• Martyn Wakefield

Mike Mort (INTERVIEW)

Mike Mort is the writer, director and star of stop motion animation, CHUCK STEEL: NIGHT OF THE TRAMPIRES release October 29th in cinemas nationwide. We stopped to chat with Mike about how the 80s inspired horror-comedy is both controversial and welcome.



BGUK: Thanks for speaking to us.


Mike Mort: That's okay. Thanks for the good review.


Hey, no problem. Thanks for the awesome film. To be honest with you, it defied any level of expectation that may have come before it and certainly blew our minds.


Oh, that's good. Yeah. It's definitely a film that some people absolutely love and then other people are like, "What the hell?"


I think "what the hell" pretty much sums up the whole concept of the film, to say the least.


Yeah.


So, the film itself, CHUCK STEEL: NIGHT OF THE TRAMPIRES. Do you want to just tell us a little bit about that, and how it came about?


Well, the feature film we started in 2014, we sort of built a studio from the ground up, which was taken over as a COVID hospital when COVID hit. So it's kind of like we're mothballed at the moment. But we set that up in 2014 and finished it in 2018. And then we sort of showed it around festivals and we're talking to lots of distributors, and it's taking a while to get out, because it's not a very politically correct film. And obviously everything is politically correct now. So everyone is very risk averse of these types of films.


But just to go back a bit on how it started, the character I came up with when I was about 15 years old, in 1986, and I was doodling him in school, making [inaudible 00:01:59] movies with it and stuff like that as I learned animation. And I did a college film with the character. And it was always stuck with me through my career, so I was trying get a film off the ground for years, and sometimes moving forward with it, and then two steps back.

In 2011 then, I decided, well, I need to do something to get Chuck Steel out of my system and rejuvenate my commercials career a little, because things were a little bit quiet. So I started work on the short film on my own. I had a basement studio here. And using old stuff that I collected over the years, I sort of made models and built the set. And then I met my backers who came board at that point and funded the short with a crew of about six people. It took 18 months. So, that played at FrightFest. And then pretty much straight after that, my backers wanted to make a feature film, and I'd already written the script back in 2001. So we kind of just dived straight into it. And that's the brief history of it, really.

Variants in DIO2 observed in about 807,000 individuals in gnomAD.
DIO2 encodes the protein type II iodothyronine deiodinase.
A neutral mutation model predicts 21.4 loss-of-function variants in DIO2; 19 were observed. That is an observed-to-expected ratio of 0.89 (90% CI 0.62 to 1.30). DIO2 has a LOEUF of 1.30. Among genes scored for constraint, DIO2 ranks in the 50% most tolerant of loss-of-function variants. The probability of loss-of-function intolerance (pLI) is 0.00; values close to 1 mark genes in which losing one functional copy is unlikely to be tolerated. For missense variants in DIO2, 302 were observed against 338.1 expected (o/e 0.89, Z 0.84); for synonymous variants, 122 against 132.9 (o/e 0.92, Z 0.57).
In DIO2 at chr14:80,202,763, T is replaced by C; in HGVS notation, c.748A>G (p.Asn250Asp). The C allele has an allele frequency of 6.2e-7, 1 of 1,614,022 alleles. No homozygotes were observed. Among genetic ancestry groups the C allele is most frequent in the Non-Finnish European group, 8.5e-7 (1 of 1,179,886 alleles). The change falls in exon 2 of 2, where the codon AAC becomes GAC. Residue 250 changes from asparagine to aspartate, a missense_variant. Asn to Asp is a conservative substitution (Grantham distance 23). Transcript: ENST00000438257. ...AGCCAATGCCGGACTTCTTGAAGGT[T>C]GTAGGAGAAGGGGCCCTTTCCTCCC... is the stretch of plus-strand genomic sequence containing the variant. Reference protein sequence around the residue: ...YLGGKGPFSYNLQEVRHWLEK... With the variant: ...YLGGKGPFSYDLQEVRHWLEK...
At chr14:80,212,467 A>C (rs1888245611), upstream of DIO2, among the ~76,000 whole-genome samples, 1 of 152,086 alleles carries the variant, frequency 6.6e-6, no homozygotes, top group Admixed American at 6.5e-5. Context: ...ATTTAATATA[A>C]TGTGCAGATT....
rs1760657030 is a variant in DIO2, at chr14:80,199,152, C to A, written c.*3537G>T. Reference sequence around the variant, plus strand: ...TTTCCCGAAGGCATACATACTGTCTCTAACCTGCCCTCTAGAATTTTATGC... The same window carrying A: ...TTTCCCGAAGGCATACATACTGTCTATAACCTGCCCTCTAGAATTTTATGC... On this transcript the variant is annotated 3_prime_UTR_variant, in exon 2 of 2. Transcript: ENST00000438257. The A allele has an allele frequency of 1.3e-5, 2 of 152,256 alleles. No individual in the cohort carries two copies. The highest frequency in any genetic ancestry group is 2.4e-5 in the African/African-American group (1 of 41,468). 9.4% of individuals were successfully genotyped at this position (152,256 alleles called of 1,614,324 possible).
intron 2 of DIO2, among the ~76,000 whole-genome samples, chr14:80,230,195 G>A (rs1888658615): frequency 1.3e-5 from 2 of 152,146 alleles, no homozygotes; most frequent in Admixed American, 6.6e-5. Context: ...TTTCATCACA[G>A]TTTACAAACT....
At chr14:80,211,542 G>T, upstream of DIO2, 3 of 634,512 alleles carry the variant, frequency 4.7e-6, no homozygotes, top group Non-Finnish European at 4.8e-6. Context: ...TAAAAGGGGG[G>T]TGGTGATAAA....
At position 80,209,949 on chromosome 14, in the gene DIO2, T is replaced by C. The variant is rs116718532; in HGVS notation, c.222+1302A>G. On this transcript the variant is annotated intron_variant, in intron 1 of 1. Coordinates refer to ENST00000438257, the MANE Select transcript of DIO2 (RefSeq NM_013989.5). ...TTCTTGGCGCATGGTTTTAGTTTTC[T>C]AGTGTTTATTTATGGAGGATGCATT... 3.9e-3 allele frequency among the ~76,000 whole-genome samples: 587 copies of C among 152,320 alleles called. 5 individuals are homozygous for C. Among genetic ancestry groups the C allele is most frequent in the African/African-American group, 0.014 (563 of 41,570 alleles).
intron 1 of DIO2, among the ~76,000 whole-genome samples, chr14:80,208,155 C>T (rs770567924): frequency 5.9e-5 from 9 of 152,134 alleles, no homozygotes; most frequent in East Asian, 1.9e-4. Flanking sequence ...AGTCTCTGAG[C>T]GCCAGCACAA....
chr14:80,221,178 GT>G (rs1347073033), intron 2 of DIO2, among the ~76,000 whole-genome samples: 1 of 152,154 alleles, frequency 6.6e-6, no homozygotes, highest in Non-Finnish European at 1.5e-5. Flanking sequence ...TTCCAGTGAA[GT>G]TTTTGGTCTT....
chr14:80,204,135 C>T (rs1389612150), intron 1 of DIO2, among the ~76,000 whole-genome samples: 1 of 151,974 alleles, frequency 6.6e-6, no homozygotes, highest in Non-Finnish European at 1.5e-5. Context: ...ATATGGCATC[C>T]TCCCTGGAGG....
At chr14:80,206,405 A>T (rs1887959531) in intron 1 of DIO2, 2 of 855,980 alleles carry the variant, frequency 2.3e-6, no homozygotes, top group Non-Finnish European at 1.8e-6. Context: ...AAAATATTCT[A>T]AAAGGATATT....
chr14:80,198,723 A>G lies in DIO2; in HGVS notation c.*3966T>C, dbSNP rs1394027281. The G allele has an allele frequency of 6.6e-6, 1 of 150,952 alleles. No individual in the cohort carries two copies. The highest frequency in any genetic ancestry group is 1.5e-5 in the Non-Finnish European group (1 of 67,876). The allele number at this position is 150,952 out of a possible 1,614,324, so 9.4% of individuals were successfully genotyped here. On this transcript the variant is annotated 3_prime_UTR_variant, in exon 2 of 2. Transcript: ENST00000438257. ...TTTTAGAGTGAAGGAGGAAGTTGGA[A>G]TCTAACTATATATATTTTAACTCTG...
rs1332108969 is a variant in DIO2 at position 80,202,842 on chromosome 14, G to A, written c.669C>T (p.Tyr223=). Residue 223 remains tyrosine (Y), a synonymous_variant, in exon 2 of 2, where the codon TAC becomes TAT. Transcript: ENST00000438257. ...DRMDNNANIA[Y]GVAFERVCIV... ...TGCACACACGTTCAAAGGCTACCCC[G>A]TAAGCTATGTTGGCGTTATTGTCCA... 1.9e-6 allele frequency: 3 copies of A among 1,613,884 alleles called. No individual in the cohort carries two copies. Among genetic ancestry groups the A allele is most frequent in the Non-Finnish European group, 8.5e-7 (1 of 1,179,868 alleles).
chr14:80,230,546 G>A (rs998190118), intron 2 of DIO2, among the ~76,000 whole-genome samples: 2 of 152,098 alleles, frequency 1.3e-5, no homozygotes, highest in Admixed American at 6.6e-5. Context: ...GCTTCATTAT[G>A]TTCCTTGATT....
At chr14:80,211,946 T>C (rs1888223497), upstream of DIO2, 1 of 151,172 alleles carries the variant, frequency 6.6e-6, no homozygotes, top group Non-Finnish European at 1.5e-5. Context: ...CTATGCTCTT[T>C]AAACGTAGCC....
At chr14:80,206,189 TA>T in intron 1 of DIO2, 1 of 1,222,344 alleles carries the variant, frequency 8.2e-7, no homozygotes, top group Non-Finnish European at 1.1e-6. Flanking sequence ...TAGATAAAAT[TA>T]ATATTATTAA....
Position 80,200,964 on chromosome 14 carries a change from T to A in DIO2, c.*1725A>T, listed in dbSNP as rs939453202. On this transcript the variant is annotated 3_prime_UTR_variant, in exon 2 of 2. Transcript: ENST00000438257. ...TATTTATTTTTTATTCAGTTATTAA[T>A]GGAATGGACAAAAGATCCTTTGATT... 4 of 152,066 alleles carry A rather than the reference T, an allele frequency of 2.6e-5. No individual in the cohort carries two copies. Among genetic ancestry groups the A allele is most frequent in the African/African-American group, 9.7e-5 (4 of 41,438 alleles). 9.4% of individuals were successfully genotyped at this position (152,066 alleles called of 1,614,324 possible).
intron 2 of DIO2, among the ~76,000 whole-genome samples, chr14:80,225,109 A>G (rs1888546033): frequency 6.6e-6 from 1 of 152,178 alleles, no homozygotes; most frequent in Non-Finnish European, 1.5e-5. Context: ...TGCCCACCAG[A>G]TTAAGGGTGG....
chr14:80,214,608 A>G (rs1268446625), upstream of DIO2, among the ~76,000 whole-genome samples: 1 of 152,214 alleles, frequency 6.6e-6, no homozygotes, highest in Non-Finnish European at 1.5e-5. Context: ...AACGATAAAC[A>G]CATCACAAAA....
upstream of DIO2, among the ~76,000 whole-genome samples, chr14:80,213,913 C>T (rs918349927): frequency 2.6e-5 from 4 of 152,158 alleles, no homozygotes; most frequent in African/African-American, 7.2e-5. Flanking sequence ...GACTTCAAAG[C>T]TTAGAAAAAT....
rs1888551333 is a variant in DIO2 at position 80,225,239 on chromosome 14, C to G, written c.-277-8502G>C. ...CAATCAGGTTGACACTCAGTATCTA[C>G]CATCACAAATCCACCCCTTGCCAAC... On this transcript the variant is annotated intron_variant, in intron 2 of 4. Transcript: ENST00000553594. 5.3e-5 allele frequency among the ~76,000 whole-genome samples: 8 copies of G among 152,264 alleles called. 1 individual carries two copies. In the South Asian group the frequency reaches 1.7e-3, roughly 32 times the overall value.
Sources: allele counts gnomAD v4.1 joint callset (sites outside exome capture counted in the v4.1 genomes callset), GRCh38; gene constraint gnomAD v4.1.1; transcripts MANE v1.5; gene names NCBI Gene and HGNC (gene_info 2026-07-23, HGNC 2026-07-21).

Wow. A lot in there. So, obviously he's been around for quite some time, and obviously this is the first we're seeing of him. Yeah, it certainly, as you mentioned, is an edgy comedy, it is borderline politically incorrect, but isn't that how most of the best comedies get off the ground? It's easy to give comparisons to the stop-motion animation, to the puppets of TEAM AMERICA. But we look today at the fanbase that film has got, and similarly, over the time, Chuck Steel will pretty much reach that too. I think the one thing for me, for the nature of the film, I think, yeah, it certainly gives great context of how brilliant it is by the fact that it has got a nationwide cinema release. So how do you feel about that?


Well, it's been a long time coming, but obviously what we are doing with the cinema release, it's being self-released, we are doing it ourselves, because, like I said, the distributors that we've talked to throughout the process of trying to get it out there, the big ones with the decent spread is they're all very risk averse. And even though a lot of them loved the film and we almost got there with a couple of them over the last couple of years, something in terms of the public, the PC environment that we're in now always sort of tripped it up at the last hurdle. So we, decided, "Well, we've just got to do it ourselves."